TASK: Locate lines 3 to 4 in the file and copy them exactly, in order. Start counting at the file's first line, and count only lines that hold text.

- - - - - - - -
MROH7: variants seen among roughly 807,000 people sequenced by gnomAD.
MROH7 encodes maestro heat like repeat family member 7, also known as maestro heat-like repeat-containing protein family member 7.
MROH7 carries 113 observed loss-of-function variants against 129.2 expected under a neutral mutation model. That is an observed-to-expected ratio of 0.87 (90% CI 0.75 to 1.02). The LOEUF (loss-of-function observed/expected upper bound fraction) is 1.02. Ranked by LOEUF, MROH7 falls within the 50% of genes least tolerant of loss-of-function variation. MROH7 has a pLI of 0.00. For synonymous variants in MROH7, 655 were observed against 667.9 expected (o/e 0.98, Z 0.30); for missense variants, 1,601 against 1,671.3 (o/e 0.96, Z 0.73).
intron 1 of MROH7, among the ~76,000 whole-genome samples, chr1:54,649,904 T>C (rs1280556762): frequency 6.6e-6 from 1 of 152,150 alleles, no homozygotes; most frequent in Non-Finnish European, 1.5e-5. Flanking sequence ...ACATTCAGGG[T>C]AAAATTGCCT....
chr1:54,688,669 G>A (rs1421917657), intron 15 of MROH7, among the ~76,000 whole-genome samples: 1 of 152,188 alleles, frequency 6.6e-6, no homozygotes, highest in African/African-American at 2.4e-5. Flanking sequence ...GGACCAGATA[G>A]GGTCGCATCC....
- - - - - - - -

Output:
MROH7 carries 113 observed loss-of-function variants against 129.2 expected under a neutral mutation model. That is an observed-to-expected ratio of 0.87 (90% CI 0.75 to 1.02). The LOEUF (loss-of-function observed/expected upper bound fraction) is 1.02. Ranked by LOEUF, MROH7 falls within the 50% of genes least tolerant of loss-of-function variation. MROH7 has a pLI of 0.00. For synonymous variants in MROH7, 655 were observed against 667.9 expected (o/e 0.98, Z 0.30); for missense variants, 1,601 against 1,671.3 (o/e 0.96, Z 0.73).
intron 1 of MROH7, among the ~76,000 whole-genome samples, chr1:54,649,904 T>C (rs1280556762): frequency 6.6e-6 from 1 of 152,150 alleles, no homozygotes; most frequent in Non-Finnish European, 1.5e-5. Flanking sequence ...ACATTCAGGG[T>C]AAAATTGCCT....